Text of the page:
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2012-12-20 digital edition

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2012-12-20 / General Stories

Refrigerator Relationship

I have a kind of love/hate relationship with my refrigerator. Some of you may wonder why I’m nurturing any kind of a relationship at all with my appliances. Well, if it’s got to be in your house, you must have at least a working relationship with it, because if not, you have no influence over it when it goes on the fritz. Not that my reasoning with an appliance has ever fixed it, but I believe the repair bills could cost substantially more if my appliances couldn’t tolerate me.

My refrigerator is the one I’m closest to. It shares everything with me even if I have just committed to a diet. Opening the door is like an invitation to Valhalla. Maybe I shouldn’t open the door, but it beckons me: “Come on, Laura, just this once. I promise I won’t make you do anything you don’t want to.”

So I grab the door and a world of possibilities opens before me: cheesecake, chocolate pudding, leftover lasagna. The refrigerator whispers sweet nothings in my ear: “Go on, Laura. You lost 3 pounds this week. You owe yourself a piece of cheesecake.”

It makes perfect sense, which you wouldn’t normally expect from a refrigerator. Maybe mine went to an Ivy League school for major appliances. After I gorge myself on cheesecake, I hate my refrigerator, which doesn’t make any sense at all, but I was only an average student.

The worst time of the day is when I have to determine what to have for dinner. I go to my refrigerator and peer inside. Nothing jumps out at me so I close that door and open the freezer. There’s that box of Swedish meatballs that’s been in there for almost a year. They were buy one get one free, but after we ate one box, my husband left half of them on his plate and asked me if the cat had eaten yet - a sure sign he didn’t like them. I don’t know why I’m saving them. Perhaps for the day we run out of cat food. I’ll have a back-up.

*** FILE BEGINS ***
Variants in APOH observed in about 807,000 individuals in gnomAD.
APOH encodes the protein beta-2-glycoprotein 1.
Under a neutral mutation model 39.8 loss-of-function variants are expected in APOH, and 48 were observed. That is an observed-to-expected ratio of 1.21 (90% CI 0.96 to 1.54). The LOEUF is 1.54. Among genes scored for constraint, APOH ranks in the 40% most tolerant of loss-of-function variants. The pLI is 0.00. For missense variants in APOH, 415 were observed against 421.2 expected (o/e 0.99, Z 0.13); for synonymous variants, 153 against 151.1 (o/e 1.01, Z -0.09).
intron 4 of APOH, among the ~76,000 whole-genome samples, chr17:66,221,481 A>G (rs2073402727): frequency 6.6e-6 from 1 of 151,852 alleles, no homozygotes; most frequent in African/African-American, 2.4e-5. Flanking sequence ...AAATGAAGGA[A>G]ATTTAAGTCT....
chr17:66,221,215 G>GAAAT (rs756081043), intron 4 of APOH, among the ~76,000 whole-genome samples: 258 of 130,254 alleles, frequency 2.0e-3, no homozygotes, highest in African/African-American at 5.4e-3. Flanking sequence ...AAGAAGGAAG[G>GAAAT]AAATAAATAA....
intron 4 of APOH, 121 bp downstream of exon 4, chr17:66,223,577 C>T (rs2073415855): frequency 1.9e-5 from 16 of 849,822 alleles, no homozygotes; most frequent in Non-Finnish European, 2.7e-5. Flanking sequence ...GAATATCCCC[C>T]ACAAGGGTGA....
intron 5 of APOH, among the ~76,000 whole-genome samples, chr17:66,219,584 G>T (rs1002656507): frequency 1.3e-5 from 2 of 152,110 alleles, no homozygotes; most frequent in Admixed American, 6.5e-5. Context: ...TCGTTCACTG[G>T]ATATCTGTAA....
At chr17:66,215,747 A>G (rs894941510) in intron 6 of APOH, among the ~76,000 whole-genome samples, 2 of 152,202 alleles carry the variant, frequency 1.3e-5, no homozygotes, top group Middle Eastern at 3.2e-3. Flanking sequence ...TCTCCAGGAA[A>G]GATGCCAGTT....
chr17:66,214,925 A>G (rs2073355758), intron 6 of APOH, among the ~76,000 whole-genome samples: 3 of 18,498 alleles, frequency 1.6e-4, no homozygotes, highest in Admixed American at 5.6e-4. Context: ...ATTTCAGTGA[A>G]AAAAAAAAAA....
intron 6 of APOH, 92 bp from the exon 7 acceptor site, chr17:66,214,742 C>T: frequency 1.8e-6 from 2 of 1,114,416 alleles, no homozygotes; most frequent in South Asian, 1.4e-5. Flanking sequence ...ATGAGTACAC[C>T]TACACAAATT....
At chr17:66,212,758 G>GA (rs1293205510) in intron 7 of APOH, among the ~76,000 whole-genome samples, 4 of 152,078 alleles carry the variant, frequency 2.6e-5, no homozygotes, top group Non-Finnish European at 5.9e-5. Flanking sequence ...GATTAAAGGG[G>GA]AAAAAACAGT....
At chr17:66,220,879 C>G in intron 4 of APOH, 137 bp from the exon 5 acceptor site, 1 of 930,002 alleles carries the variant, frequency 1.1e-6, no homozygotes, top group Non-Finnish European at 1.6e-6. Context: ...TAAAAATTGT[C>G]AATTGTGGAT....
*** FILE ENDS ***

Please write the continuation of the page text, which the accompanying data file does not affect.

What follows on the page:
There is a crusted-over Kielbasa that was never put in a freezer bag. If not for the guilt I feel about starving people in third world countries, I would probably throw that out.

The various boxes of Hot Pockets, Bagel Bites, and Pizza Rolls are not enough for an entire meal, but the kids love them. Don’t think I haven’t thought about plopping a Hot Pocket in the toaster oven and serving it for dinner. However, my husband would be looking around for the rest of the meal.

There are about six bags, ΒΌ full, of frozen vegetables that I have saved in case I make soup or in the eventuality that a random body part becomes swollen. After looking around in there for a few minutes, I’ve finally determined something: I need to go shopping. My refrigerator agrees.

So, Pizza Hut it is!

My husband is an after-dinner snacker, so he’ll be visiting my refrigerator later tonight. Unfortunately, he’ll be stuck with a few partly shriveled seedless grapes and four-day old Hamburger Helper, because I already ate the cheesecake. He’ll probably be having a little talk with my refrigerator to try to secure its loyalty. He won’t win, though. You have to spend a lot of time with your appliance to develop the kind of relationship I have with my refrigerator. He’s not even close.

Laura Snyder is a nationally syndicated columnist, author & speaker. You can reach Laura at lsnyder@lauraonlife.com Or visit her website www.lauraonlife.com for more info.

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